ENTERTAINMENT
By Mary Carole McCauley, The Baltimore Sun | July 6, 2013
Rafael Trujillo collected bottle caps. Mao Zedong was wed to an older woman at age 14 but refused to consummate the marriage. Joseph Stalin was a choirboy who studied to be a Russian Orthodox priest. In "The Iron Bridge," Anton Piatigorsky used these real-life biographical snippets to write a short story collection that imagines six infamous dictators as still-impressionable teens. Adolf Hitler conducted an elaborate fantasy romance with a girl who probably didn't know he existed.
ENTERTAINMENT
By Mary Carole McCauley, The Baltimore Sun | April 6, 2013
Author George Saunders is having the kind of year that could lead the former roofer and slaughterhouse worker to imagine that someone is spritzing the air around him with a giant bottle of perfume. "The way things have been going recently, it's as if I had a personal sprayer walking behind me and making sure that the world always smells sweet," says the New York-based writer, who will visit Baltimore on April 13 to headline the 10th annual CityLit Festival. With the publication in January of his new book, "Tenth of December," Saunders, 54, a professor at Syracuse University, has been receiving the kind of attention seldom given to short-story writers - even those who, like him, received a 2006 MacArthur "genius" grant.
EXPLORE
February 11, 2013
The HCC Actors Guild will perform "The Pillowman" Feb. 22 and 23 and March 1 and 2 at 8 p.m. and Feb. 24 and March 3 at 3 p.m. at Harford Community College, Joppa Hall, Black Box Theatre. This dark comedy by Irish playwright Martin McDonagh tells the tale of Katurian, a fiction writer living in a police state who is interrogated about the gruesome content of his short stories and their similarities to a number of bizarre child murders occurring in his town. The play received two Tony Awards and the 2004 Olivier Award for Best New Play.
NEWS
By Joan Mooney | January 5, 1992
WILDERNESS TIPS.Margaret Atwood.Nan A. Talese/Doubleday.227 pages. $20. The new collection of short stories by the Canadian writer Margaret Atwood is a book for her fans and newcomers alike. The narratives are filled with complex emotion, often overlaid by a sense of loss.Ms. Atwood has a natural talent for presenting believable and sympathetic characters in a few pages. Her protagonists vary widely from story to story, but many are rebels past the first flush of rebellion. Most escaped an Anglo-Canadian background, often an era before feminism and the birth control pill that now seems like another world.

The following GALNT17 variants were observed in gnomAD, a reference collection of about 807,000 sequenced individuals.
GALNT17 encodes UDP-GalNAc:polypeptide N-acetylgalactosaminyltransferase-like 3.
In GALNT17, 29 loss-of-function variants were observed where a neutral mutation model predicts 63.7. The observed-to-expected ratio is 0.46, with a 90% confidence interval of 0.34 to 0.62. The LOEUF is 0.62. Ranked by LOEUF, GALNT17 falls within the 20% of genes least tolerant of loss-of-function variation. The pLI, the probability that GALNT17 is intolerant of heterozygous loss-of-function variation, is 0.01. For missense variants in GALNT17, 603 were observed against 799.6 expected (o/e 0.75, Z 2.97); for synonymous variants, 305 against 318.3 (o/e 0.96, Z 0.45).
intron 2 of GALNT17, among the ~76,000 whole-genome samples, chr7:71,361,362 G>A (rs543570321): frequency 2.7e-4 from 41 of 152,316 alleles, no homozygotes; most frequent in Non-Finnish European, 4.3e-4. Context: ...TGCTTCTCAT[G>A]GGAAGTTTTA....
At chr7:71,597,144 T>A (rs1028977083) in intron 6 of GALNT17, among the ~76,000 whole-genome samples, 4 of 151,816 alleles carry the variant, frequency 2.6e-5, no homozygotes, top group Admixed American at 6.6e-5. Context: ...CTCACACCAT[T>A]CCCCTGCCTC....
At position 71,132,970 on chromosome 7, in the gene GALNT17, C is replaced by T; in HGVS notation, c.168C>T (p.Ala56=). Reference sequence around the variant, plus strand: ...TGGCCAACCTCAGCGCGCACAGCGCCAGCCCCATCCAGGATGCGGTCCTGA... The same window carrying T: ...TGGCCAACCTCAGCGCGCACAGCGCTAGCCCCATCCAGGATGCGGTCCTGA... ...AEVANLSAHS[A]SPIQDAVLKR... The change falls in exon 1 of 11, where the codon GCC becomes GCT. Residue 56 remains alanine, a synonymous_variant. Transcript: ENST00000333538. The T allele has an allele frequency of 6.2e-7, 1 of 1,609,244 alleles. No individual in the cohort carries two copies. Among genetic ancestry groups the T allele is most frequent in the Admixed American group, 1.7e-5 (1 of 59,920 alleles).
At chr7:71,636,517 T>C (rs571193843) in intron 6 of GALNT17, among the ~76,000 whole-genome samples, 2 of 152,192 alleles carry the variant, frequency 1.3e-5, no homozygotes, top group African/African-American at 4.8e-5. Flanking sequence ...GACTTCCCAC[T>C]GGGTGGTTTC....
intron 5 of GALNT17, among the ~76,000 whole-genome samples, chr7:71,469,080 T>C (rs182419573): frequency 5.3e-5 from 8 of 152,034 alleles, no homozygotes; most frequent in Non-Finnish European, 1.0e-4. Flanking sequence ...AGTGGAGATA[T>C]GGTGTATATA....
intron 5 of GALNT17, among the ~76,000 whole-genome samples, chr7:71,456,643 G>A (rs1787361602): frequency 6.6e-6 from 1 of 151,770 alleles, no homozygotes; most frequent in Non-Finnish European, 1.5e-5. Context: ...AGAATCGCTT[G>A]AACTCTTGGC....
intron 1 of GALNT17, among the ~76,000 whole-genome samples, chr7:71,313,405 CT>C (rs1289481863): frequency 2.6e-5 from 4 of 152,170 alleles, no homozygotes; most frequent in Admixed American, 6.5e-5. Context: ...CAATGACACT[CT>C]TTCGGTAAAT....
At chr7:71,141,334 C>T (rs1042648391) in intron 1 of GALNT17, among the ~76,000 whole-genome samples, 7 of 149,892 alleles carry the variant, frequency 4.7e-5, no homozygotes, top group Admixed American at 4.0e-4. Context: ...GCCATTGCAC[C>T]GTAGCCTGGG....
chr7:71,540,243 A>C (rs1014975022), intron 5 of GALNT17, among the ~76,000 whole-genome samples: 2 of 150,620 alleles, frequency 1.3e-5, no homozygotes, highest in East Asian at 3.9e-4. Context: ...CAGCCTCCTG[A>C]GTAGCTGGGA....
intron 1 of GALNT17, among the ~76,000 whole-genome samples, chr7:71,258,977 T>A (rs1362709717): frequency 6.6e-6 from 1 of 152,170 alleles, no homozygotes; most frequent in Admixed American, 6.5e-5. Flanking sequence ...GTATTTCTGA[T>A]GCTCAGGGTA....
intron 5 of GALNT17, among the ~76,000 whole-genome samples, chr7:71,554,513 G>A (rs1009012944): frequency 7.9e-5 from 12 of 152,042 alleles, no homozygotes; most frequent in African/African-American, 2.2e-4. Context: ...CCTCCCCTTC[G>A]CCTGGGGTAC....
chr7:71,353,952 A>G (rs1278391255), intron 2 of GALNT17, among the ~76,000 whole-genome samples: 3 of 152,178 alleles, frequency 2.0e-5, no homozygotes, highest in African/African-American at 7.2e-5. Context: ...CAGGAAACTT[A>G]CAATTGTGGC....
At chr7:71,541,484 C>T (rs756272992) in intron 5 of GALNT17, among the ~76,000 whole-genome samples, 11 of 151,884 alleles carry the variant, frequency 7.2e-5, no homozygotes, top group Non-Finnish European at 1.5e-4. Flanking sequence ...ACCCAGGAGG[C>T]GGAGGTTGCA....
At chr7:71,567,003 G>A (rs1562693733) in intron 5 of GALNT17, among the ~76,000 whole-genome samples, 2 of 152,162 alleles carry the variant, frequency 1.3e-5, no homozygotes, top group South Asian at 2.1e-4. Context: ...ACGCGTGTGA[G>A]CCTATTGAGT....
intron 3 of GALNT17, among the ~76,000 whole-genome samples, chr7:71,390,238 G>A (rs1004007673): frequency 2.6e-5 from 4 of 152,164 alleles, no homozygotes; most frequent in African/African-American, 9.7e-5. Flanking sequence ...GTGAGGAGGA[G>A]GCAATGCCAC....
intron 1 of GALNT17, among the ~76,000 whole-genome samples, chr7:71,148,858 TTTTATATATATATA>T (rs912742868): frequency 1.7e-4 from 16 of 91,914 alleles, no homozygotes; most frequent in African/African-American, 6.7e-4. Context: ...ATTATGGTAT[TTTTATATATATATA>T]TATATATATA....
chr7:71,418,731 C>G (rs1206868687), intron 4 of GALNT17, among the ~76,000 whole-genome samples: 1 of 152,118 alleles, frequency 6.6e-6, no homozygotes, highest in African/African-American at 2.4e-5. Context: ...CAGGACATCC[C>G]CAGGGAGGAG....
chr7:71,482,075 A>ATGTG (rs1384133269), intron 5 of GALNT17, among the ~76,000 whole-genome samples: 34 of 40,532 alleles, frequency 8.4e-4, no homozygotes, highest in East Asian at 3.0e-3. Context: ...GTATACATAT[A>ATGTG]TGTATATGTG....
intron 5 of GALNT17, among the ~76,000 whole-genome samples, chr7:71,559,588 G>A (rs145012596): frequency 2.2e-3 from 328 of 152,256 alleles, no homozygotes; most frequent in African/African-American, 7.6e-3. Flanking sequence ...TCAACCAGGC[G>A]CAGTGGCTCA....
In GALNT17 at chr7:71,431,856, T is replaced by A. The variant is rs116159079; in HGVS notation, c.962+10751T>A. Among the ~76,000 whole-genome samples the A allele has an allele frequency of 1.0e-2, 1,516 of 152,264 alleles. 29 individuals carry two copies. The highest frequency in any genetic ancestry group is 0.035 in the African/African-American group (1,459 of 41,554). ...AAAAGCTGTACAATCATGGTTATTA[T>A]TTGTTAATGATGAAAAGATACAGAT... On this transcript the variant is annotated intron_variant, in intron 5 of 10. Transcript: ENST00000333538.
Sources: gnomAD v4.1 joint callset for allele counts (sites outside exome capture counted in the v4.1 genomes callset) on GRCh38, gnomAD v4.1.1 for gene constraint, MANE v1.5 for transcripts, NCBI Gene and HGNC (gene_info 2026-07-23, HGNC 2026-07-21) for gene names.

NEWS
By LAURA DEMANSKI and LAURA DEMANSKI,SPECIAL TO THE SUN | June 18, 2006
Alentejo Blue Monica Ali Scribner / 240 pages / $24 Monica Ali's first novel, the widely chattered-about and widely prize-nominated Brick Lane, chronicled the experience of an emigrant plucked from her home country and dropped, to fend for herself, in an alien culture. In that case, the lost home was Bangladesh (Ali's birthplace) and the challenging new setting London. In Alentejo Blue, Ali's second novel, the emigrant experience is again central. But here the place is Portugal, most of the transplants are English, and - the most significant difference from Brick Lane - a whole spectrum of such experiences is explored.
ENTERTAINMENT
By David Zurawik and The Baltimore Sun | January 7, 2013
With a TV event as emotional and epic as the last game in Baltimore for Ray Lewis, it would be a mistake to micro-critique the telecast of the game itself by CBS Sports. I'll talk about the work of the Ravens' 24-9 win over the Indianapolis Colts by Jim Nantz and Phil Simms in this review. But the big story was the "last ride" in Baltimore for Lewis, and the performance of CBS Sports Sunday should first and last be judged by how it covered that story. In terms of preparation and understanding how big the story was, CBS Sports was absolutely on it coming into the game.